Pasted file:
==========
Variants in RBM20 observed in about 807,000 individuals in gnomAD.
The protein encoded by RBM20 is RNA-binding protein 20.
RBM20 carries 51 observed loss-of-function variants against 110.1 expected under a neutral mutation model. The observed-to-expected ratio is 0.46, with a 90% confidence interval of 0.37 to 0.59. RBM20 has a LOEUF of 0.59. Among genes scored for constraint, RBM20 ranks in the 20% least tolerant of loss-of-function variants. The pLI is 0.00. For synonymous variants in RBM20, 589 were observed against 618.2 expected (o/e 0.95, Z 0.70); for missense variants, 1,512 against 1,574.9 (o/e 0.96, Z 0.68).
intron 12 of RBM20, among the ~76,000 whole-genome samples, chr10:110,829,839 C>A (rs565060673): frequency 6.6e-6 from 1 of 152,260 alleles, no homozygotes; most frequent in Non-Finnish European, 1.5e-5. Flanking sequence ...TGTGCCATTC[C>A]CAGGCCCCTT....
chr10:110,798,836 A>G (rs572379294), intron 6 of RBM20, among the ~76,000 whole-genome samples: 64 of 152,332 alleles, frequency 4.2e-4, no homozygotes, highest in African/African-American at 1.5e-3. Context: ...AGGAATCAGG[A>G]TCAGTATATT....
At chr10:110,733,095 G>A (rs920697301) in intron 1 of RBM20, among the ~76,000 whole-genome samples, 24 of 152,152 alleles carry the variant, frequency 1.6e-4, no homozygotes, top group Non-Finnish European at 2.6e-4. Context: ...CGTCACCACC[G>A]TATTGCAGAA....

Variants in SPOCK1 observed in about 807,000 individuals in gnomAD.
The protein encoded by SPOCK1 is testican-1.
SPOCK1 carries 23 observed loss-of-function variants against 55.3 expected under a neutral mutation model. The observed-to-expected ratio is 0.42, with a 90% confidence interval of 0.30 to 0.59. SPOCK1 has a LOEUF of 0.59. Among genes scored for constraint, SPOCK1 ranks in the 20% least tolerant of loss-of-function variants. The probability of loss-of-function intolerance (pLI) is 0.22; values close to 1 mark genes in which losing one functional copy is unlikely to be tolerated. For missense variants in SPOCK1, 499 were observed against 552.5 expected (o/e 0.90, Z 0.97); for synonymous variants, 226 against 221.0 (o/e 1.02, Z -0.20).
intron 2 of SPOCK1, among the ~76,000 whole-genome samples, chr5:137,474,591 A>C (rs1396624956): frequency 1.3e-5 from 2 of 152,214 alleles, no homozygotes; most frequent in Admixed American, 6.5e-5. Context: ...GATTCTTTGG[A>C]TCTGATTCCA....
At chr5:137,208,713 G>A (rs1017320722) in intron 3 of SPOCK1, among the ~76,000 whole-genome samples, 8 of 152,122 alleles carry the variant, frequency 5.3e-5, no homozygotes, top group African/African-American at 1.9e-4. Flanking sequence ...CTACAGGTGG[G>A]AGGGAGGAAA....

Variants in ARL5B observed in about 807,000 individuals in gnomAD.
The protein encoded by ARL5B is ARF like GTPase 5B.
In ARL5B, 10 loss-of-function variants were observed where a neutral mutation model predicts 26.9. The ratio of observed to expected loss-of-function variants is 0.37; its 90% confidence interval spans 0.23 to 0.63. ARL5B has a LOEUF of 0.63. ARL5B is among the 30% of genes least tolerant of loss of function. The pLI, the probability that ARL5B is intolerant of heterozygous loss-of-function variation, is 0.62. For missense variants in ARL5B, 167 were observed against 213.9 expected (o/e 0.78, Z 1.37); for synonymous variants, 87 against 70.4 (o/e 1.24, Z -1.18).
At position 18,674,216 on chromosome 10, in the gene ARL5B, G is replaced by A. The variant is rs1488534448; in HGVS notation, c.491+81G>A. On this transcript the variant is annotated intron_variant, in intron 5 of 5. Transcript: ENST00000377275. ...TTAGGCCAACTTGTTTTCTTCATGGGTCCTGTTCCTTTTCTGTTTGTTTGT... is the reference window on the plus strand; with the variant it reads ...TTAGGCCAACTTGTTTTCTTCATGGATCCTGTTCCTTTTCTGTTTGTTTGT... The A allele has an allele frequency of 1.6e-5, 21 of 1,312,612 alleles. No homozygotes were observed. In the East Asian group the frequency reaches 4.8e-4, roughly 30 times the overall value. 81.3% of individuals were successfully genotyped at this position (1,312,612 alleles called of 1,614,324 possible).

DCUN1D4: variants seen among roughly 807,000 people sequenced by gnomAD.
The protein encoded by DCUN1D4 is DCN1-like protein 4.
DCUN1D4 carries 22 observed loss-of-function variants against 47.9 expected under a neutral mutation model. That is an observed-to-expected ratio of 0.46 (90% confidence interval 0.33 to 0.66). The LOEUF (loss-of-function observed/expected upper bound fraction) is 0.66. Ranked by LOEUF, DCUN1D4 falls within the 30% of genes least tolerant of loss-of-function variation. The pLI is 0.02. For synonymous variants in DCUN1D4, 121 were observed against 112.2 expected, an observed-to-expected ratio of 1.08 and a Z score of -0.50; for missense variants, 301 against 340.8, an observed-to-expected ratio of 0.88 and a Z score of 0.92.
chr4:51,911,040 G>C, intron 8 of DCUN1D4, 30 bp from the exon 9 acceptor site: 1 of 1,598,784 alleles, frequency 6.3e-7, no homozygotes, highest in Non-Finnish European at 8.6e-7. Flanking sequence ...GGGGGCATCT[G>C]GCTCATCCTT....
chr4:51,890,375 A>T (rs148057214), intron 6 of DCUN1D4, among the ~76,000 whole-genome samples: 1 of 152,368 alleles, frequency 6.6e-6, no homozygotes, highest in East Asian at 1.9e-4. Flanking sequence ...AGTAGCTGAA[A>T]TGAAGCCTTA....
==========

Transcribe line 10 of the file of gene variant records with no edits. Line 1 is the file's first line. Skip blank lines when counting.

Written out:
intron 2 of SPOCK1, among the ~76,000 whole-genome samples, chr5:137,474,591 A>C (rs1396624956): frequency 1.3e-5 from 2 of 152,214 alleles, no homozygotes; most frequent in Admixed American, 6.5e-5. Context: ...GATTCTTTGG[A>C]TCTGATTCCA....